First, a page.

Only The Sangfroid

Mark is of fair average intelligence, who is neither perverse, nor morbid or suspicious of mind, nor avid for scandal. He does live in an ivory tower.

These are his draft thoughts…

Quick Post: Did federalism survive the pandemic?

I’m waiting for a pizza to arrive at my office, so here is a quick argument about Australian federalism now that we’re emerging from the ‘roni.

Back before he was Prime Minister, Tony Abbott wrote a book that was supposed to be his political manifesto.  In it, he argued strongly in favour of stripping powers away from the States and conferring them upon the Commonwealth (he specifically wanted a referendum that would allow the Commonwealth Parliament to go through a relatively simple process to give itself powers).  When he formed government, he did a massive backflip and converted to the way of States’ Rights.  There was a big audit of all the things that the Commonwealth did that should be sent to the States.

The audit delivered its report and it mostly collected dust.  There wasn’t the appetite for getting the States to do things.

Scott Morrison appears to believe, quite genuinely and not unseriously, in the federal system and devolving powers back to the States.  There are some exceptions to this belief, most notably about cyber-issues, particularly the digital economy.

For whatever reason, people forget what happened back at the start of the pandemic.  Trump and Johnson were largely disinterested in managing the outbreak.  For whatever reason, a lot of the online AusPol crowd think that the Morrison government did similarly.  In fact, Australia was criticised for how rapidly it shut down the border.  Dutton wanted to use Christmas Island as a quarantine station; the State Premiers criticised him, with McGowan claiming (quite awkwardly) that Christmas Island was no place for Australians.  Berejiklian thought that NSW would use hospitals for quarantining, causing a minor spat with the Commonwealth.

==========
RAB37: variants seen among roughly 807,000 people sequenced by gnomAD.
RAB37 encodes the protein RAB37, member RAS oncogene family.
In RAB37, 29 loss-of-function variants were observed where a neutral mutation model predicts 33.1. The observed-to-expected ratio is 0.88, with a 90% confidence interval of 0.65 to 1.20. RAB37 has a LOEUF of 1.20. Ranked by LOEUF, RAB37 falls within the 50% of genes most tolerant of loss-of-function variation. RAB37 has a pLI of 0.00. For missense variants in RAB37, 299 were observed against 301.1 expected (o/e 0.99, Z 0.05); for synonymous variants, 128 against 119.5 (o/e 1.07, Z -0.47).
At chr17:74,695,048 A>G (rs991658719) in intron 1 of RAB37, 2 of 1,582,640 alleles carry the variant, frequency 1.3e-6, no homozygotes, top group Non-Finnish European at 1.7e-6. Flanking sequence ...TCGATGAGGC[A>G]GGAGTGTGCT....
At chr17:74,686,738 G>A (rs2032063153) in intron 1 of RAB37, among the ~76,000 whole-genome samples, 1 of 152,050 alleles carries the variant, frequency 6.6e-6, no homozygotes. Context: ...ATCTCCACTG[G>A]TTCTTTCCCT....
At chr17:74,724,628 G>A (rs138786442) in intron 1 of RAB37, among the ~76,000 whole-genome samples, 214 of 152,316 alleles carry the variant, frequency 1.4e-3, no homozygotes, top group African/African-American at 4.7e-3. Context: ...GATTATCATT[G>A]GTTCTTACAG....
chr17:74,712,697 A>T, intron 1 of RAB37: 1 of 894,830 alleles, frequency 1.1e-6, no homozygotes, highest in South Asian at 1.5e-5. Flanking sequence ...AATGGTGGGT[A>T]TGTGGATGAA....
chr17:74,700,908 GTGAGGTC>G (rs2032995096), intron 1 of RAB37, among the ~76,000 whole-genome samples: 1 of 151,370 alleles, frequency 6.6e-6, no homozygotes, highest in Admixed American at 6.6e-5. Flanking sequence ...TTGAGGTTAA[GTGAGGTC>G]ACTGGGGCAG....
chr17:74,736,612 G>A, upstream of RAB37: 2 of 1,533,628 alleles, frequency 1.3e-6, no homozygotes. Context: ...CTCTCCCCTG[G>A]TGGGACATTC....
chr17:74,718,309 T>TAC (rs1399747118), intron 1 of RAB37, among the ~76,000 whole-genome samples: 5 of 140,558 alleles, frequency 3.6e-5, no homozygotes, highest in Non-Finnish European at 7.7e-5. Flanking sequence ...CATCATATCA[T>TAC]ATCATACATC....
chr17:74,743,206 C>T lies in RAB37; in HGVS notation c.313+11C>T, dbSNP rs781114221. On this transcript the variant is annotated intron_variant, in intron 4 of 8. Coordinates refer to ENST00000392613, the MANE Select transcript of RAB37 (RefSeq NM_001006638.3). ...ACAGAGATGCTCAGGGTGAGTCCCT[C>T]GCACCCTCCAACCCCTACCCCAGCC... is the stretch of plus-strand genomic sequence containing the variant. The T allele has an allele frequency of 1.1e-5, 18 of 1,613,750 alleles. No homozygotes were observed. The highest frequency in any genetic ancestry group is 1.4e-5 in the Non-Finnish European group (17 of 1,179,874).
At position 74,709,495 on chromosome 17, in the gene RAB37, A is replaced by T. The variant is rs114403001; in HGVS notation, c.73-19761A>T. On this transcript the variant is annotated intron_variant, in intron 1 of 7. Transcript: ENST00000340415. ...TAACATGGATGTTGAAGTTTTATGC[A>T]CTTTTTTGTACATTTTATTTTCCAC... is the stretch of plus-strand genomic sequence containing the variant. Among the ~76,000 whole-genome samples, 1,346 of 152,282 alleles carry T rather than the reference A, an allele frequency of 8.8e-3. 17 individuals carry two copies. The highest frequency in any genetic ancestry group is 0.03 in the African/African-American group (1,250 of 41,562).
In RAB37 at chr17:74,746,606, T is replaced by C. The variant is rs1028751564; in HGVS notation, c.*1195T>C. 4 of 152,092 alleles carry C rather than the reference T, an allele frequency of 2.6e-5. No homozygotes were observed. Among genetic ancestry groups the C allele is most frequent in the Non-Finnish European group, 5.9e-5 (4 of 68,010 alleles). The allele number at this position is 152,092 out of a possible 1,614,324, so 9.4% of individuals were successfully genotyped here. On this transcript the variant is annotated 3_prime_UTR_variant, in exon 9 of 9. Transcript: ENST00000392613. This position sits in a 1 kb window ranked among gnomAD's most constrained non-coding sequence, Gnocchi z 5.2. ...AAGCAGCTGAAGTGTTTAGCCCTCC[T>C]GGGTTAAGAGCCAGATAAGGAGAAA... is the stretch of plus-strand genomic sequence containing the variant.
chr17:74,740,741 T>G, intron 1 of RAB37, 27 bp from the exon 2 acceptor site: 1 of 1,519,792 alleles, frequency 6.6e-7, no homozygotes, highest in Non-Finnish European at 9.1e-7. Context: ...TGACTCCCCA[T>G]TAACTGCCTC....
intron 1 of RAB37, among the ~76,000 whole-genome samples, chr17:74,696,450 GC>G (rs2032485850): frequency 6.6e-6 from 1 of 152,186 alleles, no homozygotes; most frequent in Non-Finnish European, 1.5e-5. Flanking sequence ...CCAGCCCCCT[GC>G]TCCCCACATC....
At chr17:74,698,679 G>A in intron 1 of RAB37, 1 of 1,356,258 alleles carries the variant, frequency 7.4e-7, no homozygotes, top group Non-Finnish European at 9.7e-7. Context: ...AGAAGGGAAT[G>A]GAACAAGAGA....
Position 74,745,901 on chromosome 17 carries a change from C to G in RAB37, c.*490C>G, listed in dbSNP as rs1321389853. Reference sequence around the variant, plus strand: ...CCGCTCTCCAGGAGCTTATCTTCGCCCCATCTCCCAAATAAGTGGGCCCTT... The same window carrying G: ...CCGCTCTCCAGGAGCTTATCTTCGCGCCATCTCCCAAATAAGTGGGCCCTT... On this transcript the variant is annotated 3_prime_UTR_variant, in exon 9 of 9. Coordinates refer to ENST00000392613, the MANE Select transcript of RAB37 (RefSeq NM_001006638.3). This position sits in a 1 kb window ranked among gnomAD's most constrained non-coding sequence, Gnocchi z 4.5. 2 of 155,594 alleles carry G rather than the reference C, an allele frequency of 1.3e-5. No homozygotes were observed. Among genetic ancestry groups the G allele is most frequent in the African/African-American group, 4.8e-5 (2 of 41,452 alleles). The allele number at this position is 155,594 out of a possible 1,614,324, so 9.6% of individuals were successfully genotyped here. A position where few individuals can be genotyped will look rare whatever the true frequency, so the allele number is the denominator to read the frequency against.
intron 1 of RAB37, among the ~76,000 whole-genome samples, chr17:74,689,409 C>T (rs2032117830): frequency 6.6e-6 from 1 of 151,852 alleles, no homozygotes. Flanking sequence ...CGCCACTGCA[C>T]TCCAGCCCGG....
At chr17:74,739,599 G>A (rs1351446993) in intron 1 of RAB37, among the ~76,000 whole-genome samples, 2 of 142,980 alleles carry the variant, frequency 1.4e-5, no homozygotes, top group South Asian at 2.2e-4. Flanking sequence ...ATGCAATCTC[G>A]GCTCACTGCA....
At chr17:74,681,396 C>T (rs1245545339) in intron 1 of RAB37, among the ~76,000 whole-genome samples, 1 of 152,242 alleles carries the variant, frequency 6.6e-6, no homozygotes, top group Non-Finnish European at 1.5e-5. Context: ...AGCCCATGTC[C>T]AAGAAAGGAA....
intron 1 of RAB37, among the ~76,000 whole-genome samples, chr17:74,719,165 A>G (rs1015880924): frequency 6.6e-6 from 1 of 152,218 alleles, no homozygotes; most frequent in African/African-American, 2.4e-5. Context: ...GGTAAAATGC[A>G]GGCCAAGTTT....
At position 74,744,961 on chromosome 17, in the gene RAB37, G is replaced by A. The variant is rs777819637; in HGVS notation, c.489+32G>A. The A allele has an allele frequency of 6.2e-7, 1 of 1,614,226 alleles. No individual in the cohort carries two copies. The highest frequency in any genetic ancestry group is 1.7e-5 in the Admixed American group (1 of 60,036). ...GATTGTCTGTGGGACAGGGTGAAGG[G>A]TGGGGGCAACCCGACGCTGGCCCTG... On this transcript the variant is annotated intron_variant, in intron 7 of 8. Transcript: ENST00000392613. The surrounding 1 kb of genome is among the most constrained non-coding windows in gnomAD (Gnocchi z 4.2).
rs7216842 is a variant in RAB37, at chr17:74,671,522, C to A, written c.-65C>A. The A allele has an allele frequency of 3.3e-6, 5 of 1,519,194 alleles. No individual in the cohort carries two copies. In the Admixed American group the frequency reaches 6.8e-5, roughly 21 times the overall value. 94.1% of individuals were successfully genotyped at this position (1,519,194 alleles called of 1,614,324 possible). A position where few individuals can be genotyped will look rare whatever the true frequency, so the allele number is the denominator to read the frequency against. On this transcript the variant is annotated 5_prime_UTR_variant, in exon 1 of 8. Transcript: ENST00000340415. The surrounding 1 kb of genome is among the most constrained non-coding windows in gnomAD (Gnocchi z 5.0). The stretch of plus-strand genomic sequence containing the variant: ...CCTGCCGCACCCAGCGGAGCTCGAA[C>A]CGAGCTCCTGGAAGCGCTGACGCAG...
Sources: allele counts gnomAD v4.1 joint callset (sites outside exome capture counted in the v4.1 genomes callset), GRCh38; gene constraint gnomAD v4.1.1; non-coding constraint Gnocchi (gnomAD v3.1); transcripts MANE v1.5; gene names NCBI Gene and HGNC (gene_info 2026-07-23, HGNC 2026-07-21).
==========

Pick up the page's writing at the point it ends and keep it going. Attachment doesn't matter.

There are good reasons to believe that one of the reasons that Australia did so well during the pandemic was because of this early overreach.  We don’t share a major land border with another country, so once the Commonwealth went hard on the border, Australia was likely to do well (which it did).  The question that emerged was how to handle the ongoing aspects of the pandemic.

Enter Mr Federalism, the Prime Minister: these are matters that are more obviously within the legislative remit of the States and, therefore, the States should handle them.

So what happened?

One of the ongoing criticisms of the Prime Minister is that he shirks responsibilities and doesn’t lead.  This is, indeed, one of the well-known problems of federal structures: both levels of government try to argue that they’re not responsible for anything serious.  Here we see something interesting: the Prime Minister is right that (for nearly everything), managing the pandemics more naturally sat within the legislative powers of State parliaments.